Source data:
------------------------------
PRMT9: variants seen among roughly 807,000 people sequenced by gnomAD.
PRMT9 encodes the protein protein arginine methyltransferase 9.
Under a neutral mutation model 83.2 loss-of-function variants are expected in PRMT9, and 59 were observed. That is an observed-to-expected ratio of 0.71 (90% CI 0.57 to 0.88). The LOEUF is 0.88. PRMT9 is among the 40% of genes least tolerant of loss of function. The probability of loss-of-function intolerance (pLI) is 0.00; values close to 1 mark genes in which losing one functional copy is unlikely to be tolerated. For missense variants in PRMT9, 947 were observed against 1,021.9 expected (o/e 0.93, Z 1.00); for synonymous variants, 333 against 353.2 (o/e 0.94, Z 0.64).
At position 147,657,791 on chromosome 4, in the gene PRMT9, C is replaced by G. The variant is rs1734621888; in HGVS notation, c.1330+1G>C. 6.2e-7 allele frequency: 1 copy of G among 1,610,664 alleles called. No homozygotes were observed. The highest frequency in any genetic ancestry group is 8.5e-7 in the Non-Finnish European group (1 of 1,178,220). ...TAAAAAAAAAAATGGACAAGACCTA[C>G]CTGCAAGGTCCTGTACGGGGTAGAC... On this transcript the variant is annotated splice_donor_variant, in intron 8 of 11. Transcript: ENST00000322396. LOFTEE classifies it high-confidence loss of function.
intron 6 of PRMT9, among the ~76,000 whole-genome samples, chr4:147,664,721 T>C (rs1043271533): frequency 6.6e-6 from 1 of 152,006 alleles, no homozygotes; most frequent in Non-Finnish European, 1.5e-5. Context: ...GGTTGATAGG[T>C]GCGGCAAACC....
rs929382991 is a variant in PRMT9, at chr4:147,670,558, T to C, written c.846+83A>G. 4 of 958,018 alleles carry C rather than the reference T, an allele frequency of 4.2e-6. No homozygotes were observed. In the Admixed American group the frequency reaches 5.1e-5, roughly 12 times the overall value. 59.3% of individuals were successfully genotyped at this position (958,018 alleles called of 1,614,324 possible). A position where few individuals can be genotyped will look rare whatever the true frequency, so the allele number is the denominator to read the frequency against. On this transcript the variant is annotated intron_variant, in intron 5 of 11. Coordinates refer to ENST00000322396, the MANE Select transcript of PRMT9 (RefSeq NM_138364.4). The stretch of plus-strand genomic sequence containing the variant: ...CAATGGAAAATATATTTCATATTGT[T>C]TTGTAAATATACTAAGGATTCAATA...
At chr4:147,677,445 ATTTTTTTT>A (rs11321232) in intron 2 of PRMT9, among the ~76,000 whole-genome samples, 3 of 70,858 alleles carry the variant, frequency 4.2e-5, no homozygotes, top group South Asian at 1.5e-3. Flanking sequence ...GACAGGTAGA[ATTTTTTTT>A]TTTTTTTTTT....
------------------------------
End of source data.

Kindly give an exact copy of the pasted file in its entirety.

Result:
PRMT9: variants seen among roughly 807,000 people sequenced by gnomAD.
PRMT9 encodes the protein protein arginine methyltransferase 9.
Under a neutral mutation model 83.2 loss-of-function variants are expected in PRMT9, and 59 were observed. That is an observed-to-expected ratio of 0.71 (90% CI 0.57 to 0.88). The LOEUF is 0.88. PRMT9 is among the 40% of genes least tolerant of loss of function. The probability of loss-of-function intolerance (pLI) is 0.00; values close to 1 mark genes in which losing one functional copy is unlikely to be tolerated. For missense variants in PRMT9, 947 were observed against 1,021.9 expected (o/e 0.93, Z 1.00); for synonymous variants, 333 against 353.2 (o/e 0.94, Z 0.64).
At position 147,657,791 on chromosome 4, in the gene PRMT9, C is replaced by G. The variant is rs1734621888; in HGVS notation, c.1330+1G>C. 6.2e-7 allele frequency: 1 copy of G among 1,610,664 alleles called. No homozygotes were observed. The highest frequency in any genetic ancestry group is 8.5e-7 in the Non-Finnish European group (1 of 1,178,220). ...TAAAAAAAAAAATGGACAAGACCTA[C>G]CTGCAAGGTCCTGTACGGGGTAGAC... On this transcript the variant is annotated splice_donor_variant, in intron 8 of 11. Transcript: ENST00000322396. LOFTEE classifies it high-confidence loss of function.
intron 6 of PRMT9, among the ~76,000 whole-genome samples, chr4:147,664,721 T>C (rs1043271533): frequency 6.6e-6 from 1 of 152,006 alleles, no homozygotes; most frequent in Non-Finnish European, 1.5e-5. Context: ...GGTTGATAGG[T>C]GCGGCAAACC....
rs929382991 is a variant in PRMT9, at chr4:147,670,558, T to C, written c.846+83A>G. 4 of 958,018 alleles carry C rather than the reference T, an allele frequency of 4.2e-6. No homozygotes were observed. In the Admixed American group the frequency reaches 5.1e-5, roughly 12 times the overall value. 59.3% of individuals were successfully genotyped at this position (958,018 alleles called of 1,614,324 possible). A position where few individuals can be genotyped will look rare whatever the true frequency, so the allele number is the denominator to read the frequency against. On this transcript the variant is annotated intron_variant, in intron 5 of 11. Coordinates refer to ENST00000322396, the MANE Select transcript of PRMT9 (RefSeq NM_138364.4). The stretch of plus-strand genomic sequence containing the variant: ...CAATGGAAAATATATTTCATATTGT[T>C]TTGTAAATATACTAAGGATTCAATA...
At chr4:147,677,445 ATTTTTTTT>A (rs11321232) in intron 2 of PRMT9, among the ~76,000 whole-genome samples, 3 of 70,858 alleles carry the variant, frequency 4.2e-5, no homozygotes, top group South Asian at 1.5e-3. Flanking sequence ...GACAGGTAGA[ATTTTTTTT>A]TTTTTTTTTT....